"People want a better life in this country," he said. "They want to think their children are going to do better. And they associate this with Kennedy's youth, his promise, possibility."

 

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  • rate this
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    Comment number 301.

    I was just 5. We were doing the weekly shopping in Tesco's which were in their infancy at that time. It was a cold and foggy November day in Surrey UK. The staff announced it over the store Tanoy. We went home and watched the TV coverage in disbelief... even I realised the significance of the event.

  • rate this
    +2

    Comment number 300.

    The myths grew up around JFK because he was killed. If he hadn't been killed the history books would have been more honest and wouldn't have treated him so kindly.

    Also, if he'd been any other nationality the BBC wouldn't be talking about him today.

  • rate this
    +2

    Comment number 299.

    Two things about JFK: he would have lost the next election and gone down in history as just another guy who failed to meet expectations; assassin's bullet or not, he would not be alive today.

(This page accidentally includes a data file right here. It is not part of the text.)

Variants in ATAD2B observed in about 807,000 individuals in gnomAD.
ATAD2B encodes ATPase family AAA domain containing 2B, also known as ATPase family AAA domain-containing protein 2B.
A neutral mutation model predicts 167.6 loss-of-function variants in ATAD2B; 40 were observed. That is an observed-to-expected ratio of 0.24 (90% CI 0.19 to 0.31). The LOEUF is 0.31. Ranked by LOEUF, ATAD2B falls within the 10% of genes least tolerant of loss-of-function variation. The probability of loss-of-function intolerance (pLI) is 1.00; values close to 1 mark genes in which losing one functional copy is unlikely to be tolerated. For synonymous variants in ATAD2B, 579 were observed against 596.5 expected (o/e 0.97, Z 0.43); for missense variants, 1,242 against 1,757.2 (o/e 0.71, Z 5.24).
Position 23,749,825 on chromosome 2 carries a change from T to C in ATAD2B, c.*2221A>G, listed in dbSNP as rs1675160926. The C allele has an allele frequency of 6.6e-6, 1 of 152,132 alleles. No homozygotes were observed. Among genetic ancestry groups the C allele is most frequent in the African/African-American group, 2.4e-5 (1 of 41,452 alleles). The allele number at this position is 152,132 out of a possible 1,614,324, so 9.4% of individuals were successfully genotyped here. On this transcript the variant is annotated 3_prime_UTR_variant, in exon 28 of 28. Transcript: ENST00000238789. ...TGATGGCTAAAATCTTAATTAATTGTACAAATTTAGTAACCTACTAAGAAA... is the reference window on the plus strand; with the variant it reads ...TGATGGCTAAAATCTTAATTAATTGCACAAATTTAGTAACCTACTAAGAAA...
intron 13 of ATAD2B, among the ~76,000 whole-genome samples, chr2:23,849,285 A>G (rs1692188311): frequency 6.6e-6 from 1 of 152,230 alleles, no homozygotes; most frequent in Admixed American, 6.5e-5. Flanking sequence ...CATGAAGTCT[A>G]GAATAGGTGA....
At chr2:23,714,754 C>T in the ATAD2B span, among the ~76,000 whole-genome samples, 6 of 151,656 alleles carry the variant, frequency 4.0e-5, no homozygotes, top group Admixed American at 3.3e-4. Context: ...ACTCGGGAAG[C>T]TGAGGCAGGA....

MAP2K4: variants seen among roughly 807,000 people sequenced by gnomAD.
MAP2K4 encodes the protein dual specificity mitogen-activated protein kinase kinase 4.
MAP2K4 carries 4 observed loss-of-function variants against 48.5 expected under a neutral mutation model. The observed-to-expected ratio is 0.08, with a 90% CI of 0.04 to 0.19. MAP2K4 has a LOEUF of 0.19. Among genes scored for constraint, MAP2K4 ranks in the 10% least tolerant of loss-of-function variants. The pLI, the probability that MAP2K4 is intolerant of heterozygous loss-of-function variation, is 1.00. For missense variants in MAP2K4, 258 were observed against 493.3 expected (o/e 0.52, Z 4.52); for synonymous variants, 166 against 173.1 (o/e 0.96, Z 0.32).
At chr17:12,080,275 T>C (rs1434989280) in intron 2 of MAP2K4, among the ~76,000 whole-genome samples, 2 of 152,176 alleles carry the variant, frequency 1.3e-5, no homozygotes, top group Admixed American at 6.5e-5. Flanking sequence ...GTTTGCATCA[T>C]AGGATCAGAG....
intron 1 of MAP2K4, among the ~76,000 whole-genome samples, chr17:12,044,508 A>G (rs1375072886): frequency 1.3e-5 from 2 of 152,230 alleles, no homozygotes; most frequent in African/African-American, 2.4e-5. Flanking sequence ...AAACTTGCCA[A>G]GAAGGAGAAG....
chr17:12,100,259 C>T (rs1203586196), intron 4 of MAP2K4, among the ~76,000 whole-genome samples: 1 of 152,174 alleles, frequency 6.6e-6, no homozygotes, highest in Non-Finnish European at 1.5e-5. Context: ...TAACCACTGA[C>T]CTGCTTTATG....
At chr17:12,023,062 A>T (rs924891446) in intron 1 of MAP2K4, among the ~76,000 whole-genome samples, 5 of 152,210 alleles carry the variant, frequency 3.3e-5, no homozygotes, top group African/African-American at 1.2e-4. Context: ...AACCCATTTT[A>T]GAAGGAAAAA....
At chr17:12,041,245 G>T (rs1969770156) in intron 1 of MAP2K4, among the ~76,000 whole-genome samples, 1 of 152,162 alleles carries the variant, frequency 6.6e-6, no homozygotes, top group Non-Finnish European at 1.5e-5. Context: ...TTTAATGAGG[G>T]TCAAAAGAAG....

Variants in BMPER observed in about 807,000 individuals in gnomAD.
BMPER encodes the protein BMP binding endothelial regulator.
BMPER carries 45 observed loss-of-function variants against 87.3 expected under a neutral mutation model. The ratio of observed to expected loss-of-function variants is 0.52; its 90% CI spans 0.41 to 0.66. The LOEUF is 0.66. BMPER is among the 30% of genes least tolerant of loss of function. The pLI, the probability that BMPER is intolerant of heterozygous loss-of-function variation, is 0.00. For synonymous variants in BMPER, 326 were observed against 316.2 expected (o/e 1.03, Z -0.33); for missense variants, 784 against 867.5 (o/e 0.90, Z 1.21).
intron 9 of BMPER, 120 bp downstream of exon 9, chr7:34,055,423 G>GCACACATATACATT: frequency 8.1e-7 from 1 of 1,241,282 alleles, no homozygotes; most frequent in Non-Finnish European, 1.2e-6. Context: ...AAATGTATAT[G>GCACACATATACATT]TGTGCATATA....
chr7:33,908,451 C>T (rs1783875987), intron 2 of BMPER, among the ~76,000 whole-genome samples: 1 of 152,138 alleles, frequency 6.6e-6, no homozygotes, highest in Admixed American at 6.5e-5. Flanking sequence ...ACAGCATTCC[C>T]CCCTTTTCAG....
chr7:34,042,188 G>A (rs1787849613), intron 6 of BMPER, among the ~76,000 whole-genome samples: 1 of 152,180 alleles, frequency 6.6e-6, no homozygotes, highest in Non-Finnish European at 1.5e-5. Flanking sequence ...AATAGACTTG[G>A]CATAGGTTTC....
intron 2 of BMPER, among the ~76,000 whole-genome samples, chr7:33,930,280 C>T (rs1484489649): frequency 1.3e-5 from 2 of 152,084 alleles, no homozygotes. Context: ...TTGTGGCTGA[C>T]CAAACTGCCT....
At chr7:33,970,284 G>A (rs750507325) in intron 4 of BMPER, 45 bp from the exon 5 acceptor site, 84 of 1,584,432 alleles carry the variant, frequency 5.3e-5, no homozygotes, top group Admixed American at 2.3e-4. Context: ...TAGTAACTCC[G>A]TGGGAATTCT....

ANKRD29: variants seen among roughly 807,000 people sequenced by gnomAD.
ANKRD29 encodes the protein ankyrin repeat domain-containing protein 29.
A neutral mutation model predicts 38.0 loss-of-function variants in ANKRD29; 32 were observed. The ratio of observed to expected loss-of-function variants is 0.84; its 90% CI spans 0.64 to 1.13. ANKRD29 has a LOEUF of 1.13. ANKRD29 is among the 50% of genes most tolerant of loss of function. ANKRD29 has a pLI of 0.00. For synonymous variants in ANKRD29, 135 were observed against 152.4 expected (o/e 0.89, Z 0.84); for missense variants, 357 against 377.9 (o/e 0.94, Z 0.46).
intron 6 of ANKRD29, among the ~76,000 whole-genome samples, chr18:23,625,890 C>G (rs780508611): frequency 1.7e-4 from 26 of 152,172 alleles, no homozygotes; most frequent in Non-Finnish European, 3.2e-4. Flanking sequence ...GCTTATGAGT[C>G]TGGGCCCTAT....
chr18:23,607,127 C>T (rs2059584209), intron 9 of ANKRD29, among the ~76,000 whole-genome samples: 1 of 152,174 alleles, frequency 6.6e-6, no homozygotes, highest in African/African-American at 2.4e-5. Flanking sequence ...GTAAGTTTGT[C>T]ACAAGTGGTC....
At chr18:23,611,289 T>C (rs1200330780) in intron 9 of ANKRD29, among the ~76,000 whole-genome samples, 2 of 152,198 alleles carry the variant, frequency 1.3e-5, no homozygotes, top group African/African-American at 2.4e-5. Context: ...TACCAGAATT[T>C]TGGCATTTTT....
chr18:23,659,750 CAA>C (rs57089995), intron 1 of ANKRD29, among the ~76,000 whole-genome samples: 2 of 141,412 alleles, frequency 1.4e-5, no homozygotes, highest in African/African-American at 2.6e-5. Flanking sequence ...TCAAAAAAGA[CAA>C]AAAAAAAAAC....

• rate this
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    Comment number 298.

    I was 10. The news broke on that Friday evening during 'EmergencyWard 10'. An announcement was made, the transmission of the programme ceased and instead we heard sombre piano music. Even at that tender age I knew it was bad, very bad.

  • rate this
    -1

    Comment number 297.

    I would urge the conspiracy theorists to watch the film 'Conspiracy Theory' and another film called 'Arlington Road'.
    Both are very good films.
    The president was shot by LHO who was in turn shot by JLR (live on TV). If you doubt that, provide evidence to the contrary - one verifiable piece will do. If the CIA/FBI/Crime gangs had done it, there would be a trace given the mess 'they' made of it.

  • rate this
    +1

    Comment number 296.

    I can remember the assassination as reported on the Black and White BBC.

    The president of the United States John F Kennedy has been assassinated.

    We now return you to the Benny Hill Show.

    Says it all doesn't it!!

  • rate this
    -2

    Comment number 295.